Land Registry Office Accuses Start-Up Of Misusing Real Estate Data For New App
The real estate website Reas launched a new application with detailed data on recently sold properties, including the exact sale price. All data was purchased by the parent company Nexter from the land registry office in 2019. Photo credit: KK.
Czech Rep., Feb 20 (BD) – Nexter paid CZK 380,250 for the data, but the land registry office told Radiožurnál that the company had acted illegally and misused the data, which was intended for internal use in the real estate business, rather than publication online.
In its defence, Nexter said that the data it had published can easily be found on the Internet, and the application, Atlas cen [“Atlas of Prices”], simply aggregates them in one place.
“The data from the land registry which we have used for the Atlas has been available to everyone on the Internet for years – only private companies have to pay for it. ”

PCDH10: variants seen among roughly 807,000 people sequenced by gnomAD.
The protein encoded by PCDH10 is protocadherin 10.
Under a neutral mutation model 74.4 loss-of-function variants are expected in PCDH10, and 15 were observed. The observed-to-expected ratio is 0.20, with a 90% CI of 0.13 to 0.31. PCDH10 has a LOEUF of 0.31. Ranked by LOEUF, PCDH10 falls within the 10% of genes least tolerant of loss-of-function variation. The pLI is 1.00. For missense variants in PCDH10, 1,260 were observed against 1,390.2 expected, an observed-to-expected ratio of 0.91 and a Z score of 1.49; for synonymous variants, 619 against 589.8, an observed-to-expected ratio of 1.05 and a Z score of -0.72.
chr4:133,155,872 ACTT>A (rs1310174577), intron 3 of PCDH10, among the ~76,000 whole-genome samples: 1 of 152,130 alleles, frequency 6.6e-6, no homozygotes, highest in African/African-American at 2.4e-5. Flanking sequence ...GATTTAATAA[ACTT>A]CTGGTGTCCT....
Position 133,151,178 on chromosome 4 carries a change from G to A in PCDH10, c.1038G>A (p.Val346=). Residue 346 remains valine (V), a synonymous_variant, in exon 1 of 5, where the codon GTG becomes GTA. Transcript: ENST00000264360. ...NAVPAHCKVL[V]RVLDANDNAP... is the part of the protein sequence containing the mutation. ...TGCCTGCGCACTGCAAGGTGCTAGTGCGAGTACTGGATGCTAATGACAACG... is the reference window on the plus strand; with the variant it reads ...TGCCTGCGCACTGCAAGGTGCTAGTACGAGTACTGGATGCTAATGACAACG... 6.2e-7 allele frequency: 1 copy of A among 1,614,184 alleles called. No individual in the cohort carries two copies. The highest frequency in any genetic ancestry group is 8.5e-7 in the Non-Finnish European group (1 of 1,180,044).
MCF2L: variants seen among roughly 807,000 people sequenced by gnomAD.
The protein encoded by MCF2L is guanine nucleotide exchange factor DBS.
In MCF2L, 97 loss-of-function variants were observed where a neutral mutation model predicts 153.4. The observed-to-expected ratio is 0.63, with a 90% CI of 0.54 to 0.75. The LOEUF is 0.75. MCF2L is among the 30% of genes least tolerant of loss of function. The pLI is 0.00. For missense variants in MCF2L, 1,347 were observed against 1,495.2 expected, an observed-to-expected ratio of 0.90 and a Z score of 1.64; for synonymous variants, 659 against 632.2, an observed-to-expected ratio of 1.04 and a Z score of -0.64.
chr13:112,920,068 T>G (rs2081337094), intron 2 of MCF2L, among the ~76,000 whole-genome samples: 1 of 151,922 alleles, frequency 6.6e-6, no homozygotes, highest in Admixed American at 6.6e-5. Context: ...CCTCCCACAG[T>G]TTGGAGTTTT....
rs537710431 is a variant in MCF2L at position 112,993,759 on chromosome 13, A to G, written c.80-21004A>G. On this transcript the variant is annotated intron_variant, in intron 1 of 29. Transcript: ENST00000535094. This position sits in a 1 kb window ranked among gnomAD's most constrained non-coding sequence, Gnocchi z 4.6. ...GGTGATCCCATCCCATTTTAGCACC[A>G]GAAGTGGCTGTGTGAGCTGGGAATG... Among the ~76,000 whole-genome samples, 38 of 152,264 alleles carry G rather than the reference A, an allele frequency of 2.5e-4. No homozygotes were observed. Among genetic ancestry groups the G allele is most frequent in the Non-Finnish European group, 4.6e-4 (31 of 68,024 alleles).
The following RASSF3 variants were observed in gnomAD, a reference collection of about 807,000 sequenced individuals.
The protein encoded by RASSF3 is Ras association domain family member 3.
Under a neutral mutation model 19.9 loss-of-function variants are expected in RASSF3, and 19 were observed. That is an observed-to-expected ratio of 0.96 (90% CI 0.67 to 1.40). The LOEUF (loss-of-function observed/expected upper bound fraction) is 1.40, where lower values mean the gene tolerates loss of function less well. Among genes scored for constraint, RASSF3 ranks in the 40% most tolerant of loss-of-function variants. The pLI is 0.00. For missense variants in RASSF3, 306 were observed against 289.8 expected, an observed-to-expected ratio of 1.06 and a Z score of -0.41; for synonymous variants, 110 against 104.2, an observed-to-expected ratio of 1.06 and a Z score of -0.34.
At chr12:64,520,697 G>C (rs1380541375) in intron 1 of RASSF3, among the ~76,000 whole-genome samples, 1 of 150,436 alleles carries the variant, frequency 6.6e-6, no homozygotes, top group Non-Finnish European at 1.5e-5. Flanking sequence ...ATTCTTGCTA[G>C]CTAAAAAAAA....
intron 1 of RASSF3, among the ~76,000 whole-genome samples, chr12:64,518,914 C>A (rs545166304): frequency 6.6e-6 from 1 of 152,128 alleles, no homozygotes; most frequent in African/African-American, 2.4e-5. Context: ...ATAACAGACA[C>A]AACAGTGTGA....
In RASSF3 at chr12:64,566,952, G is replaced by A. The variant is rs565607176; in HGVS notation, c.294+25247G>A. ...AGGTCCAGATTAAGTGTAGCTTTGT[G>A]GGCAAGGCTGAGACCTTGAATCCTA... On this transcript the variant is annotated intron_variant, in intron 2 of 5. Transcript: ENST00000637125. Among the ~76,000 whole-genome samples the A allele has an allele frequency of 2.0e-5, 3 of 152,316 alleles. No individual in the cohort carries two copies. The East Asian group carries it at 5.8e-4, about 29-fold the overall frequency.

Michal Makoš, founder of Atlas of Prices
“The data from the land registry which we have used for the Atlas has been available to everyone on the Internet for years – only private companies have to pay for it. We have made the data available more clearly and for free,” said the project founder Michal Makoš in a press release.
He also pointed out the importance of the project for the real estate market in the Czech Republic: “Journalists tell us that thanks to the Atlas they have received several tips on the subject of unfair trading in state property. We are also getting feedback from people who are about to sell an apartment, who suddenly see that their broker has promised them prices inflated by tens of percent.” Makoš also stated that the land registry office has not yet contacted them.
The map originally included photos of some of the houses and apartments published in the register, and referred to the owners of the properties, but after media coverage this information was deleted, as publication of such data may pose a risk to property owners in terms of possible burglary and theft. The owners of the houses and flats were also worried about their privacy, as photos of the interiors were easily available to the public.